Hyundai Veracruz CUV offers elegant lines and a 7-seat cabin
Bob Plunkett, Sat, 27 Nov 2010 01:46:45 PST
CORAL GABLES, Fla. -- On the palm-fringed Coral Way Boulevard in Coral Gables, ritzy Miami suburb, we're feeling the luxurious ride quality and get-up-and-go attitude of a Veracruz, the seven-seat crossover utility vehicle (CUV) from Hyundai of South Korea.
Stretching long and decorated with a raked face flashing tri-tiered headlamp clusters on front corners plus curvaceous fenders over multi-spoke alloy wheels, the Veracruz presents a hunkered athletic posture with elegant sheetmetal curves.
The lower body wrapped in a band of black trim seems substantial and strong like a conventional wagon but the upper section including a narrow wrap of windows with the radically-raked windshield and a roofline tapering down to the tail may be more reminiscent of some classic sports car or even a racy GT-style coupe.
It's taut and athletic in a sculptural shape, but also smooth and sleek, even sensuous -- and clearly a departure from the two-box school of SUV styling.
Hyundai's big idea for Veracruz seems to make it different from the typical SUV or CUV.
It's large -- as long as a big sedan and equally wide, with a prominent hood and broad grille consuming the face between the clusters of headlamps.
There's a pair of portals on each flank below what looks like one extremely long and narrow window stretching from the windshield clear back to the tail.
Also, a top-hinged liftgate at the rear swings high for access into the cargo bay.
Inside a spacious cabin are three rows of seats with capacity for as many as seven passengers.
The front row contains a pair of bucket seats flanking a center console, the second row has a three-place bench split 60/40 with a fold-flat seatback on the left and a flip-and-fold section on the right, and the third row shows a two-seat bench split 50/50 that folds down and disappears to form a flat floor in the cargo bay.
For passive safety there are frontal and seat-mounted side-impact air bags for front-seat passengers, front seatbelt pretensioners and force limiters, front-seat adjustable active head restraints, second-row LATCH lower anchors and upper tether anchors, and curtain-style air bags posted above outboard seats for all three rows.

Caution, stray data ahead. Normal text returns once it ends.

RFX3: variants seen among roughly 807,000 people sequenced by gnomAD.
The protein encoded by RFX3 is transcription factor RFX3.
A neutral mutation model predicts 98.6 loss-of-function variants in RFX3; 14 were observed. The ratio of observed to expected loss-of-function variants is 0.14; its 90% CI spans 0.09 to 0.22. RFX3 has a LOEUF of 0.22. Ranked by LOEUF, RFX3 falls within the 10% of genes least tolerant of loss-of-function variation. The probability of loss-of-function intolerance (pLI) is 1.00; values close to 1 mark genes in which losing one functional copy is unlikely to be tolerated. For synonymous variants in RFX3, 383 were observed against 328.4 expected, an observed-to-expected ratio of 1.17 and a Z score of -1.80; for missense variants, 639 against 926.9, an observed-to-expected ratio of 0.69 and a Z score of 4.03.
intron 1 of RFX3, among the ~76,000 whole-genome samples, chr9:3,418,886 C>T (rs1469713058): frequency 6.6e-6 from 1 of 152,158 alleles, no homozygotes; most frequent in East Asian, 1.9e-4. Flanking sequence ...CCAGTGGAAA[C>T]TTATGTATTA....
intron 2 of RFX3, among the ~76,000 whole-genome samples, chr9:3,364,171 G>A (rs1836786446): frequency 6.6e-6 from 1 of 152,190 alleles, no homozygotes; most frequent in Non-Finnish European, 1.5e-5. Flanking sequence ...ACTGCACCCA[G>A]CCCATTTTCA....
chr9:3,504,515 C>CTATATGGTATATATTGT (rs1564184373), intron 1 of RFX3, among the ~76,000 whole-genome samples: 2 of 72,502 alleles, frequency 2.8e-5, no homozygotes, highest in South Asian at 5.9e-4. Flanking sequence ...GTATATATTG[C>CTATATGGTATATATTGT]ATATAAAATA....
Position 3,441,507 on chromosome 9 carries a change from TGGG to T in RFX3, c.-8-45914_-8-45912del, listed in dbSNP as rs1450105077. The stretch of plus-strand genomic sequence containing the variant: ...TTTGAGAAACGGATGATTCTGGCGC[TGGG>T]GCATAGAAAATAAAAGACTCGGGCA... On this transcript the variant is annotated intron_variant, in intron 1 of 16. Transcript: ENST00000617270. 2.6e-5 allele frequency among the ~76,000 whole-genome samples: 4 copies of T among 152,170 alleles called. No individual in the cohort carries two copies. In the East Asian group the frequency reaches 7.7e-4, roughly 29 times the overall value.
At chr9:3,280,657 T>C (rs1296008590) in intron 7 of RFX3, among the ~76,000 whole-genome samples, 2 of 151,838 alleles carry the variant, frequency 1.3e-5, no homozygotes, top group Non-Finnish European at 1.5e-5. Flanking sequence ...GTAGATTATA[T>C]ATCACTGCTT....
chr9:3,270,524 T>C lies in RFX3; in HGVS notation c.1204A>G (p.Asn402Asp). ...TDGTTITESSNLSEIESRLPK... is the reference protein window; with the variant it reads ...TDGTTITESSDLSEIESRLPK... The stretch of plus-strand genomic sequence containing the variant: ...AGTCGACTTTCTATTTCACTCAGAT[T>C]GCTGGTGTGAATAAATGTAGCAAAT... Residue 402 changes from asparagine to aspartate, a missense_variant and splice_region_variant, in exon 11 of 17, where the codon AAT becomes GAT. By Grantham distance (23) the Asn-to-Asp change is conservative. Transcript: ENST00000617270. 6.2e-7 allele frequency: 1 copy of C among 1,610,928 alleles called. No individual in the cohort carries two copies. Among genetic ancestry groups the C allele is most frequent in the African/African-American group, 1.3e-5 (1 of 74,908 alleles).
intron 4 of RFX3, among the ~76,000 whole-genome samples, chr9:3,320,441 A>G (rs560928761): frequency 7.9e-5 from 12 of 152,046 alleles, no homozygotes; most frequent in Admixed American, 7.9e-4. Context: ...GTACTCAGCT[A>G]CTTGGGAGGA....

For active safety, each trim version gets a disc brake at every wheel, with electronic linkage to a four-channel anti-lock brake system (ABS) with electronic brake force distribution (EBD), plus an electronic stability control (ESC) device which automatically coordinates the brakes and throttle to check against lateral wheel skidding.
For dynamic vehicle handling as well as a comfortable ride quality, Veracruz employs a four-wheel independent suspension system with MacPherson struts up front and a multi-link arrangement in back.
The rack and pinion steering mechanism brings a direct touch with power boost keyed to engine-speed sensors.
All of the magic for this vehicle starts with its car-like unit-body structure which fosters a long (110-inch) wheelbase and a wide track of 65.7 inches up front as well as in back.
Pushing wheels to edges of the chassis brings stability to the stance and enhances Veracruz's agility when steered along a twisty route.
Another point: Hyundai guarantees excellent pedal juice out of Veracruz because every edition totes a strong engine promoting top-of-class performance.
The dual-overhead-cam (DOHC) Lambda transverse-mounted V6 displaces 3.8 liters and employs continuously variable valve timing (CVVT).
The engine links to a sophisticated electronically controlled six-speed automatic transmission by Aisin that adds a Shiftronic manual shift mode. To access the Shiftronic mode, a driver simply slaps the shifter lever laterally into a separate gate, then tips the lever forward or back to bump sequentially up or down the gear ladder.
Standard configuration for Veracruz is the front-mounted engine with front-wheel-drive (FWD) traction.
However, for the Snow Belt Hyundai adds optional all-wheel-drive (AWD) with an electronic system which can transfer some of the engine's torque to drive the rear wheels if on-board wheel speed sensors detect that the front wheels are slipping.
The device also has a push-button lock mode for 50:50 torque split front/rear to maintain forward momentum at a low speed on slippery stuff.
Equipment standard on Veracruz GLS ranges from 17-inch aluminum alloy wheels capped with P245/65R17 tires to cabin air conditioning with separate second-row controls and power buttons for windows and door locks and exterior mirrors, eight-way power controls for the driver's seat with power adjustable lumbar support, a remote keyless entry device, tilting steering wheel with audio tabs and cruise control, trip computer, three 12-volt power outlets, electronic rear window defroster with timer, woodgrain interior trim and a 172-watt audio kit with six speakers and AM/FM/CD/MP3.
Veracruz Limited rolls on 18-inch aluminum alloy wheels ringed by P245/65R18 rubber, and the standard content includes a tilt-and-slide power sunroof, power tailgate, dual automatic climate control system, front door scuff plates, auto-dimming interior rearview mirror with compass, a leather-wrapped steering wheel and shift knob, leather upholstery, heated front seats, memory settings for power controls on the driver's seat, four-way power controls for the front passenger's seat, plus standard Infinity 314-watt audio package with eight speakers and AM/FM/XM/6-CD/MP3.
For 2011, the optional GLS premium package installs a power tilt-and-slide sunroof, power tailgate, auto dimming cabin mirror with HomeLink and compass plus auto-dimming tilt-in-reverse exterior mirrors.
Hyundai's MSRP chart for Veracruz begins at $28,145 for the GLS FWD, with Limited FWD tagged at $34,195. Adding the AWD equipment increases the bottom line by $1900 in GLS and $1,700 for Limited.